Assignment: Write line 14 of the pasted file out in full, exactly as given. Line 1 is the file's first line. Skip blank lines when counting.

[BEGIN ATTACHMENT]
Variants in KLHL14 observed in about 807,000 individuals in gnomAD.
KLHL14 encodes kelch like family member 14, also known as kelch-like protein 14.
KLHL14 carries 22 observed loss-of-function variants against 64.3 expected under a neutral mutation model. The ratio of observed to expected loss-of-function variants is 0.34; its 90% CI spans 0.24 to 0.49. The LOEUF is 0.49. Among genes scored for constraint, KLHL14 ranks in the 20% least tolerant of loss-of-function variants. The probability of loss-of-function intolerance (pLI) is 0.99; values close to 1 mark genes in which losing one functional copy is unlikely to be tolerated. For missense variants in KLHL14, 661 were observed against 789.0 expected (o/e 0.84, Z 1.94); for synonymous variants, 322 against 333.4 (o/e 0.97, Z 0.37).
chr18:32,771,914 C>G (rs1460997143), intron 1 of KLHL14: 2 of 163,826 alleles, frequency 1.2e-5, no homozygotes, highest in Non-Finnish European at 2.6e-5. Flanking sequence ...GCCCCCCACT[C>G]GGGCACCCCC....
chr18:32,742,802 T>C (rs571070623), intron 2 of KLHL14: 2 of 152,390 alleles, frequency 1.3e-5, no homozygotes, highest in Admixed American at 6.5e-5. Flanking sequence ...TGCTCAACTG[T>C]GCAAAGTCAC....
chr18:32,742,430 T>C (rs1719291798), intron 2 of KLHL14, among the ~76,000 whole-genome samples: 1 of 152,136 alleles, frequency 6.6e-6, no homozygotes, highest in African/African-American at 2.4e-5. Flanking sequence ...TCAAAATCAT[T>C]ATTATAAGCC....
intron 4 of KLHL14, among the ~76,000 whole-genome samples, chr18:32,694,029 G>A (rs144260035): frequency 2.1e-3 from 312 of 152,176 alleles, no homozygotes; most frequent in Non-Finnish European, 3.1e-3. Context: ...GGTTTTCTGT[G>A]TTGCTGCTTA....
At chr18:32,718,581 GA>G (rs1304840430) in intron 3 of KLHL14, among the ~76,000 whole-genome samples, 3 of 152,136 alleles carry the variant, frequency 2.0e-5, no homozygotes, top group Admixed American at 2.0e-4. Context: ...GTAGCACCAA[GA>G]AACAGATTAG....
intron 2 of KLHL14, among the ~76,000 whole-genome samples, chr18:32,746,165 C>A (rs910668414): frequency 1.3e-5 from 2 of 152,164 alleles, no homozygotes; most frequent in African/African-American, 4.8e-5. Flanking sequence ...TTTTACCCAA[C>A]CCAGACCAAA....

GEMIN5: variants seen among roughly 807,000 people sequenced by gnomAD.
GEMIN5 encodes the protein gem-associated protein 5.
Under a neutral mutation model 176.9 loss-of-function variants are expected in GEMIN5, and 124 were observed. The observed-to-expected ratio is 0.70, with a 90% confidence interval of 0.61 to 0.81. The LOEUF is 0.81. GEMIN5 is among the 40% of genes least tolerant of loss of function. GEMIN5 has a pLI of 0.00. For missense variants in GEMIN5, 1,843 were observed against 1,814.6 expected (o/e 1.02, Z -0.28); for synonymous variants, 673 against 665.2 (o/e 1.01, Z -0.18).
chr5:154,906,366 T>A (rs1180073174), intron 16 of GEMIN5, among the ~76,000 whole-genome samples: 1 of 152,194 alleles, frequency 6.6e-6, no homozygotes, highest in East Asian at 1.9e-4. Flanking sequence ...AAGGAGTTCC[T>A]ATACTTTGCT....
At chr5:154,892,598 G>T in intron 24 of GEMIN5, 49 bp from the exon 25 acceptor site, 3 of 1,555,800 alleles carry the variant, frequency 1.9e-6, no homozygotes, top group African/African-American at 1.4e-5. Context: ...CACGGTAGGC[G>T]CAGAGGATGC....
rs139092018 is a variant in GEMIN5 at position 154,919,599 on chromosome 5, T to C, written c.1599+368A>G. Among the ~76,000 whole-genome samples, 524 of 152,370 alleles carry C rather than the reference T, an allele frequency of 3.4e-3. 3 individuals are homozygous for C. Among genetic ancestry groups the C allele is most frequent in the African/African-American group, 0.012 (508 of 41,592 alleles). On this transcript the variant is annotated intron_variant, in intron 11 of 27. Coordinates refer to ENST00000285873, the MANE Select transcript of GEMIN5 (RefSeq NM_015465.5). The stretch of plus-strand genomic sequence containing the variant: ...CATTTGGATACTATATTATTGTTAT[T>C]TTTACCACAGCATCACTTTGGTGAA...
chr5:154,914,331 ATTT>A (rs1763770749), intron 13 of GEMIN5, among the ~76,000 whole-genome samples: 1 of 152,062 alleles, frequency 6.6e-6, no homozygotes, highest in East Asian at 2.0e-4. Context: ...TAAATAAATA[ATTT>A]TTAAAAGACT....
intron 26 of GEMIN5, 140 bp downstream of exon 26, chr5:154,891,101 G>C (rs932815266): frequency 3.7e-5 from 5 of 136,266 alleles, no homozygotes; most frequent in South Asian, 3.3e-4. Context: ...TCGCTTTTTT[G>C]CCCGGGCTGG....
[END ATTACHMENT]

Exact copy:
At chr5:154,892,598 G>T in intron 24 of GEMIN5, 49 bp from the exon 25 acceptor site, 3 of 1,555,800 alleles carry the variant, frequency 1.9e-6, no homozygotes, top group African/African-American at 1.4e-5. Context: ...CACGGTAGGC[G>T]CAGAGGATGC....